- The seed should be clean and free from obvious mixtures of other seeds.
- The seed should be mature, well developed, and plump in size.
- The seed should be free from obvious signs of age or bad storage.
- The seed should have a high germinating capacity.
Before sowing the seed should be treated with fungicides which protect the seed against soil-borne fungi and also give a boost to the seedlings.
Wheat is the main cereal crop in India. Indian wheat is largely a soft/medium-hard, medium protein, white bread wheat, somewhat similar to U.S. hard white wheat.
- Wheat grown in central and western India is typically hard, with high protein and high gluten content.
- India also produces around 1.0-1.2 million tons of durum wheat, mostly in the state of Madhya Pradesh.
- Most Indian durum is not marketed separately due to segregation problems in the market yards.
The Government of India appointed a commission in 1961 to assess the feasibility of increasing crop productivity under prevailing Indian ecological conditions. As a result of various steps taken by Govt. of India, the Wheat scenario in our country has completely changed.
In the post-Independence era, the country used to import Wheat for our needs but due to a bumper increase in the production and productivity of Wheat in the ‘Green Revolution‘ period in the late sixties, our country became self-dependent on Wheat production.
At present, the country is producing much more excess Wheat than the requirement.
The wheat crop has wide adaptability:
- It can be grown not only in the tropical and sub-tropical zones but also in the temperate zone and the cold tracts of the far north, beyond even the 60-degree north latitude.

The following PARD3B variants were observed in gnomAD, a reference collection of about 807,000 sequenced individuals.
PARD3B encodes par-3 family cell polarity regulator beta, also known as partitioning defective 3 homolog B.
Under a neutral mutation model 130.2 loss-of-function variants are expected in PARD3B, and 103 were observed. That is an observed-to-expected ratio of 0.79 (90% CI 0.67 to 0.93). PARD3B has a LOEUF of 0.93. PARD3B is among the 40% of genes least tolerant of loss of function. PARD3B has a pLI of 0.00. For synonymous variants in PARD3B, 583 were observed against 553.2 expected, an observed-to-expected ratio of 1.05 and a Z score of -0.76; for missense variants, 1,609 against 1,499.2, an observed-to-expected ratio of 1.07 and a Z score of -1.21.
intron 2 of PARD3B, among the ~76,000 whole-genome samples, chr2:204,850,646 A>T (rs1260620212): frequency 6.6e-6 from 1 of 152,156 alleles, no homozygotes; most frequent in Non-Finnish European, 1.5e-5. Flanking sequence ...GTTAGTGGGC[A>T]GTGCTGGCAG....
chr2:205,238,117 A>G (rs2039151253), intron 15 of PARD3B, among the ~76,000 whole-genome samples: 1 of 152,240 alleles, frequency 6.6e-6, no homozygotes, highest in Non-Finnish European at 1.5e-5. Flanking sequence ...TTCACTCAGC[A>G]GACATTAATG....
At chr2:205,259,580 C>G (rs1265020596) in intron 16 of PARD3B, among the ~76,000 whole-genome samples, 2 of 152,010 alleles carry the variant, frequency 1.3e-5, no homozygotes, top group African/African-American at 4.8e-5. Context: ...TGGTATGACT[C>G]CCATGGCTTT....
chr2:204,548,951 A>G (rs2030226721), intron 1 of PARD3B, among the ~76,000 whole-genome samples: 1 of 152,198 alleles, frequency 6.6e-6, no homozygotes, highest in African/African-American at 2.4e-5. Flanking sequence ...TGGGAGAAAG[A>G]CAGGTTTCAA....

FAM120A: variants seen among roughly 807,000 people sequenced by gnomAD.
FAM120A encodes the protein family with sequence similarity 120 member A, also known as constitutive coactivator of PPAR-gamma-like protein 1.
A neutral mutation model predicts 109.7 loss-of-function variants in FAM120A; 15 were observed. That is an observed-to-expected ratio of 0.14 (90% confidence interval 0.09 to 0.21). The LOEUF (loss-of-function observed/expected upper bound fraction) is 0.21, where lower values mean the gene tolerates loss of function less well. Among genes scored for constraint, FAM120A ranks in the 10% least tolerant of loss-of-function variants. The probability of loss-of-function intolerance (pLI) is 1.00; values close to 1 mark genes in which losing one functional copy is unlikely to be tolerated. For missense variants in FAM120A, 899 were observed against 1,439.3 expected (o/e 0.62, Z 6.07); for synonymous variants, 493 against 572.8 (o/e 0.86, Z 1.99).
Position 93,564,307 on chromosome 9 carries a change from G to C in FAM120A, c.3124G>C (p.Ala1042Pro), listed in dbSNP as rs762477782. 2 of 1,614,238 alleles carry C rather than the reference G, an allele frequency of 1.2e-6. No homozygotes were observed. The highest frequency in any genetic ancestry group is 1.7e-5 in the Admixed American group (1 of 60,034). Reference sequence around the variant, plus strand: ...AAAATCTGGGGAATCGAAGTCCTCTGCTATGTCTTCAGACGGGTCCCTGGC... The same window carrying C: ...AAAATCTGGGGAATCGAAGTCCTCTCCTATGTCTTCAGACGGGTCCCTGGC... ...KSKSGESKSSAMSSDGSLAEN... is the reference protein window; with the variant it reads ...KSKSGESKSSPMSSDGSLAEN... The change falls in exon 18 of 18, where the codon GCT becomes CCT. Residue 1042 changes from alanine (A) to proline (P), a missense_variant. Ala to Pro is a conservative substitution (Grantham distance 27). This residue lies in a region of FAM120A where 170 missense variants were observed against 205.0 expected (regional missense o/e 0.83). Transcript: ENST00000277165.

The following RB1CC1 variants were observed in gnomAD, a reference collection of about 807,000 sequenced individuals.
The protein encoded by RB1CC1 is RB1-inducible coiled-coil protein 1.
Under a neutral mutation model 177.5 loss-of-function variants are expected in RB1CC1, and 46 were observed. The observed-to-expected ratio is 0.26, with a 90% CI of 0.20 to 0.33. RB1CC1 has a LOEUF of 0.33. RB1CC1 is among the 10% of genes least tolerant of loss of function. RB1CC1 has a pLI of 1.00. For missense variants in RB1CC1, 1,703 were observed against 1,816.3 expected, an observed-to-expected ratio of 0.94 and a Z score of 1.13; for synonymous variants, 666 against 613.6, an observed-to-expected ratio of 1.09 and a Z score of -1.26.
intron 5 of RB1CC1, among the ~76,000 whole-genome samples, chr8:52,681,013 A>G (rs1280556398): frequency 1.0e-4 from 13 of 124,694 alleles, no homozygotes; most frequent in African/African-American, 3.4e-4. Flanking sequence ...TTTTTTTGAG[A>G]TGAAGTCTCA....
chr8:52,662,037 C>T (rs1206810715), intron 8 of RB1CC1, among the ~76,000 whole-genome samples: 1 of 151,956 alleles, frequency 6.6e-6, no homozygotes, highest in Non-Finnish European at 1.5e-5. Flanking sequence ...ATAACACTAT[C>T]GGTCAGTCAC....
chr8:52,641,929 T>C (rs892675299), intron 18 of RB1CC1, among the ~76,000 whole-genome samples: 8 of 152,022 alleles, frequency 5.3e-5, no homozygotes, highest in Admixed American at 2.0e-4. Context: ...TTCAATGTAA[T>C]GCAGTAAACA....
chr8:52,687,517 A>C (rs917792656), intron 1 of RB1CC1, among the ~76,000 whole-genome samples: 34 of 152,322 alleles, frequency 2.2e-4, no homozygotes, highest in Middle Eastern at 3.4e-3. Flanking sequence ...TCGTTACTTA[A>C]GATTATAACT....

- Wheat can tolerate severe cold and snow and resume growth with the setting in of warm weather in spring.
- It can be cultivated from sea level to as high as 3300 meters.
The best wheat is produced in areas favored with cool, moist weather during the major portion of the growing period followed by dry, warm weather to enable the grain to ripen properly.
- The optimum temperature range for the ideal germination of wheat seed is 20-25º C.
- Rains just after sowing hamper germination and encourage seedling blight.
- Areas with a warm and damp climate are not suited for wheat growing.
During the heading and flowering stages, excessively high or low temperatures and drought are harmful to wheat. Cloudy weather, with high humidity and low temperatures, is conducive to rust attack. Wheat is mainly a rabi (winter) season crop in India.
Wheat is grown in a variety of soils in India:
- Soils with a clay loam or loam texture, good structure, and moderate water holding capacity are ideal for wheat cultivation.
- Heavy soil with good drainage is suitable for wheat cultivation under dry conditions.
- These soils absorb and retain rainwater well. Heavy soils with poor structure and poor drainage are not suitable as wheat is sensitive to waterlogging.
- Wheat can be successfully grown on lighter soils provided their water and nutrient holding capacity are improved.
Given the nutritional value of the millets, the Government has notified millets as Nutri-cereals in April 2018. Millets are a rich source of Protein, Fibre, Minerals, Iron, and Calcium and have a low glycemic index. The National Year of Millets was celebrated in 2018.
- Millets require a temperature between 27-32°C.
- Rainfall is around 50-100 cm.
- Millets can be grown in inferior alluvial or loamy soil because they are less sensitive to soil deficiencies.
Jowar is a rain-fed crop grown in moist areas with less or no irrigation.
Bajra grows in sandy soils and shallow black soil.
Ragi requires red, black, sandy, loamy, and shallow black soils which are found in dry regions mostly.
These are the small-seeded hardy crops that can grow well in dry zones or rain-fed areas under marginal conditions of soil fertility and moisture.
- Millets are cultivated in low-fertile land, tribal and rain-fed, and mountainous areas.
- These areas include Haryana, Uttar Pradesh, Chhattisgarh, Gujarat, Rajasthan, Madhya Pradesh, Maharashtra, Andhra Pradesh, Karnataka, Tamil Nadu, and Telangana.
Due to their short growing season, millets can develop from seeds to ready-to-harvest crops in just about 65 days.
- This highly beneficial characteristic of the millets is of vital importance in thickly populated regions of the world.
- If stored properly, millets can keep well for two years or beyond.
Millets can not only grow in poor climatic or soil conditions and provide nutritious grain as well as fodder, but these can also very well fit into multiple cropping systems under irrigation as well as dryland farming due to their short growing season.